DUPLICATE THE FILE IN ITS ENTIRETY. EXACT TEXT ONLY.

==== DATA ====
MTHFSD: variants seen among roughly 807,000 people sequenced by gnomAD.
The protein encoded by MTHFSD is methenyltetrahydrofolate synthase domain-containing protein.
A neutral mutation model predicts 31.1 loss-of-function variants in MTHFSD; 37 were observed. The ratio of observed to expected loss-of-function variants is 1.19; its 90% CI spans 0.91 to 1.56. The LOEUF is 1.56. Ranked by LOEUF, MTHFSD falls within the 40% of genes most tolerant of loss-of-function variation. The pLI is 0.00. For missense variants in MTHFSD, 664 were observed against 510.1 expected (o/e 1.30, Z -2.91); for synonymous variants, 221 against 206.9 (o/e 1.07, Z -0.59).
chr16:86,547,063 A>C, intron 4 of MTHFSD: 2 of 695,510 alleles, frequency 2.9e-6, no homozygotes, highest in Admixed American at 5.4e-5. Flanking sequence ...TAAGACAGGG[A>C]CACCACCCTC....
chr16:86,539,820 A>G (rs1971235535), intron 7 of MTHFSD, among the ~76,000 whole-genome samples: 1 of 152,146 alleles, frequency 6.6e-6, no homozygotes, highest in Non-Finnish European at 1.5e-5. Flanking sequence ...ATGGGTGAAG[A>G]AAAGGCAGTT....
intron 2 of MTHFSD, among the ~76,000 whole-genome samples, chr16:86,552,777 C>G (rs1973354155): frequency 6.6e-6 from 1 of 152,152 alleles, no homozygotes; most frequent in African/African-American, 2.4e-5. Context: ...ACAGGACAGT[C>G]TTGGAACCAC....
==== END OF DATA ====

MTHFSD: variants seen among roughly 807,000 people sequenced by gnomAD.
The protein encoded by MTHFSD is methenyltetrahydrofolate synthase domain-containing protein.
A neutral mutation model predicts 31.1 loss-of-function variants in MTHFSD; 37 were observed. The ratio of observed to expected loss-of-function variants is 1.19; its 90% CI spans 0.91 to 1.56. The LOEUF is 1.56. Ranked by LOEUF, MTHFSD falls within the 40% of genes most tolerant of loss-of-function variation. The pLI is 0.00. For missense variants in MTHFSD, 664 were observed against 510.1 expected (o/e 1.30, Z -2.91); for synonymous variants, 221 against 206.9 (o/e 1.07, Z -0.59).
chr16:86,547,063 A>C, intron 4 of MTHFSD: 2 of 695,510 alleles, frequency 2.9e-6, no homozygotes, highest in Admixed American at 5.4e-5. Flanking sequence ...TAAGACAGGG[A>C]CACCACCCTC....
chr16:86,539,820 A>G (rs1971235535), intron 7 of MTHFSD, among the ~76,000 whole-genome samples: 1 of 152,146 alleles, frequency 6.6e-6, no homozygotes, highest in Non-Finnish European at 1.5e-5. Flanking sequence ...ATGGGTGAAG[A>G]AAAGGCAGTT....
intron 2 of MTHFSD, among the ~76,000 whole-genome samples, chr16:86,552,777 C>G (rs1973354155): frequency 6.6e-6 from 1 of 152,152 alleles, no homozygotes; most frequent in African/African-American, 2.4e-5. Context: ...ACAGGACAGT[C>G]TTGGAACCAC....